During my recent meetings in Geneva with the 110 national human rights institutions around the world, I was struck by the virtually unanimous bewilderment of experienced UN human rights diplomats that Australia should reject fundamental human rights along with the international monitoring processes designed to give them effect. Genuine concern was expressed that Australia was turning its back on its traditional leadership in international human rights protection. This was especially so as Australia has, since Dr Evatt took part in negotiating the Universal Declaration on Human Rights in 1948, been an active proponent of international human rights, including the creation of the International Criminal Court.

How has it come to this?

There is no simple explanation. Australia played a valuable role in the Security Council over the last two years, particularly as President during the crisis in the Ukraine. Australia is currently seeking a seat on the Human Rights Council and continues to sponsor an important General Assembly Resolution supporting the work of national human rights institutions.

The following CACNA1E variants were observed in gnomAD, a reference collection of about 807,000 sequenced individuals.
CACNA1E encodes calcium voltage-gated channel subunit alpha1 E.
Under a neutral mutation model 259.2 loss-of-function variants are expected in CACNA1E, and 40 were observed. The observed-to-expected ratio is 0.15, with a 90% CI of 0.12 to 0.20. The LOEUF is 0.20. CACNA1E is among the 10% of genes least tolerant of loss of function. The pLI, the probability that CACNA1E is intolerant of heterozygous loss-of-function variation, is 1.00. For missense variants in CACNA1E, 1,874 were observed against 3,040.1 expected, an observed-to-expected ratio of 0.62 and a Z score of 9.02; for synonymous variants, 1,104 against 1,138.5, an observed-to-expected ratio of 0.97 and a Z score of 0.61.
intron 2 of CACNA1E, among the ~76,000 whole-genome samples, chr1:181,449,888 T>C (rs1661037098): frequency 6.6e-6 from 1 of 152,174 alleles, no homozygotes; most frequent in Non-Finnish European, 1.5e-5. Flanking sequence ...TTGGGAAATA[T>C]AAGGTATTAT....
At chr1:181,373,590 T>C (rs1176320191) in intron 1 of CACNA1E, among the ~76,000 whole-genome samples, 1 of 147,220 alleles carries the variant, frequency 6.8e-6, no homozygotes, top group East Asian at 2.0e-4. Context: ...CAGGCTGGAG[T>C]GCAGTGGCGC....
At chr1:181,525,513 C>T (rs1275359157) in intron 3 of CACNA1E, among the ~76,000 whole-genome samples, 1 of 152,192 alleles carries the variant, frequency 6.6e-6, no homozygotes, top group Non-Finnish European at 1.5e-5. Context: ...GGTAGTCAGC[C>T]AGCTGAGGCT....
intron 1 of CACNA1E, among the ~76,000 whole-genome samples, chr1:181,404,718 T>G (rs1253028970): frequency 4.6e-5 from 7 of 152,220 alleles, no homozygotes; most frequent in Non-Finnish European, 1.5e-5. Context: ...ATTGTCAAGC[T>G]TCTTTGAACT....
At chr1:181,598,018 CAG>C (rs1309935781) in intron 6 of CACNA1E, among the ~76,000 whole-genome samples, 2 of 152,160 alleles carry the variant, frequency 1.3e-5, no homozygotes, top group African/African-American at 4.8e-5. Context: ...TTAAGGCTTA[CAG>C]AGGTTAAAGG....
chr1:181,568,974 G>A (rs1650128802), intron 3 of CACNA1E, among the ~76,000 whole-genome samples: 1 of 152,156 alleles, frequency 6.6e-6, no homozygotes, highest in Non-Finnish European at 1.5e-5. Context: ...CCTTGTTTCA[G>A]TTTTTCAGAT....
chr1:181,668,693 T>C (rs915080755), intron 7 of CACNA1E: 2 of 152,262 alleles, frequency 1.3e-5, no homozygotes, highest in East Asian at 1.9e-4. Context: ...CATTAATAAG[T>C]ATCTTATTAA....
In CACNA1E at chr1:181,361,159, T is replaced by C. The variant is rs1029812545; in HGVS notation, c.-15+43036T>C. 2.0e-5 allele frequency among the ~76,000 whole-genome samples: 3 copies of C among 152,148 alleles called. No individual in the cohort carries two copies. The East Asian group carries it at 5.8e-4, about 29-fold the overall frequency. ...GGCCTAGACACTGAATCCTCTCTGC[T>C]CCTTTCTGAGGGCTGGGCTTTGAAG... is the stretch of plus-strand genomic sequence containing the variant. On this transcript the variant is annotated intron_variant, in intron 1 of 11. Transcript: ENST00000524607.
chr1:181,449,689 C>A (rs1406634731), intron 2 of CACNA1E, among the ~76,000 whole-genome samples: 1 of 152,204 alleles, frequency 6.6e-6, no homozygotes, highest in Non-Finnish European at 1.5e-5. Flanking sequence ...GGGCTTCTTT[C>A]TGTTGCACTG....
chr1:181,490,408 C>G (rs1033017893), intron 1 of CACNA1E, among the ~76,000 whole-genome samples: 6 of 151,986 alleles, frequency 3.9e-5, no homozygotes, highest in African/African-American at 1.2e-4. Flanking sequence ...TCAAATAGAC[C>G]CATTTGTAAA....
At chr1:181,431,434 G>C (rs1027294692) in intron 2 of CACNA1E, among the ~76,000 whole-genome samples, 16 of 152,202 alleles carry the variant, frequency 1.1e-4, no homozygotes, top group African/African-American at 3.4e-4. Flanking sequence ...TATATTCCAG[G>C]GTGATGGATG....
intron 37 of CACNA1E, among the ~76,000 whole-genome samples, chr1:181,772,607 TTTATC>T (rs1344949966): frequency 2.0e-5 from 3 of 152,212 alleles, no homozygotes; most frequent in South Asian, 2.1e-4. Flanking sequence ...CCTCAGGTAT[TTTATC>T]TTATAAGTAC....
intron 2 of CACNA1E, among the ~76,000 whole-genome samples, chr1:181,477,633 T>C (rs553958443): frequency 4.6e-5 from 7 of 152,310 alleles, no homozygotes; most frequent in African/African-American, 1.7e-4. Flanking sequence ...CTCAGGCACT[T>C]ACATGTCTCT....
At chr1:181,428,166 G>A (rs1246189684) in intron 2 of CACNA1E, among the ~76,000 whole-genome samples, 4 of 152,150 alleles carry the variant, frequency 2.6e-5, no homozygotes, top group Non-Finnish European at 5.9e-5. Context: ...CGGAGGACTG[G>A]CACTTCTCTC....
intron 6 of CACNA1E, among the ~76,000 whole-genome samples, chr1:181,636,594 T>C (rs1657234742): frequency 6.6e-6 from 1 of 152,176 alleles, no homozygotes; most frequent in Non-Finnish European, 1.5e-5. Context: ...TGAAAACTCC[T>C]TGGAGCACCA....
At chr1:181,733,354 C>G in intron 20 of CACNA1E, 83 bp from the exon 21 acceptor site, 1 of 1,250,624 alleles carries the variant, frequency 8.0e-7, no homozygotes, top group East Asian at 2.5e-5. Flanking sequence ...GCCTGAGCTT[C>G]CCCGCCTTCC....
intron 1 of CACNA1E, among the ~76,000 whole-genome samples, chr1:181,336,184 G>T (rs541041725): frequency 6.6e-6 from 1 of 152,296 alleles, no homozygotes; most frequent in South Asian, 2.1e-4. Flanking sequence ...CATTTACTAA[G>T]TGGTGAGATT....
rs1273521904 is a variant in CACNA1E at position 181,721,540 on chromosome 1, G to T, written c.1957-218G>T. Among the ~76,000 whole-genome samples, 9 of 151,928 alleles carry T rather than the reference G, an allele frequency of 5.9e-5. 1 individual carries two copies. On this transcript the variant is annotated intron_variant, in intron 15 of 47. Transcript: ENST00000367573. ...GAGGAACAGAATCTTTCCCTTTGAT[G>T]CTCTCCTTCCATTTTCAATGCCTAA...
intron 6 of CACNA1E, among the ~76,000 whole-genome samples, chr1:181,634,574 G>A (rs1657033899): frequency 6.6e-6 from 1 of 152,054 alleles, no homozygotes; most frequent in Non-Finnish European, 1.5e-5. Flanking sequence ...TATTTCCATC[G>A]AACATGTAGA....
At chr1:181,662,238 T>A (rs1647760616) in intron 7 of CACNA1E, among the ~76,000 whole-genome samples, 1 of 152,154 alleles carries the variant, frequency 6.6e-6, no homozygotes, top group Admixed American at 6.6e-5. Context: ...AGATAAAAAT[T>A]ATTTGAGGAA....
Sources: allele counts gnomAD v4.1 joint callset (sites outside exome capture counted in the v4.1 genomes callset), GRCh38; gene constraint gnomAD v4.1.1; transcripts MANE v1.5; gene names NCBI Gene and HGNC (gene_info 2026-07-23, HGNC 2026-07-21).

One explanation lies in the Government’s concern that the Inquiry conducted by the AHRC into the impact on children of long term and indefinite immigration detention might challenge its border security policies. Any such concern is curious as the Ministers of Immigration of both the former and current Governments have denied that detaining children has any deterrent effect on people smuggling. In short, detaining children does not stop the boats.

Both the Labor and Coalition Governments have adopted the practice of detaining asylum seeker children since the legislation mandating detention was passed by Parliament in 1992. The Report is even handed in condemning this long-standing policy of immigration detention on the ground that it violates Australia’s international obligations.

We have been at a loss to understand why Australia should detain children in locked environments for so long. No other country in the world mandates the indefinite detention of children as the first policy option and then denies them access to the courts to challenge the necessity of their detention over many months and sometimes years.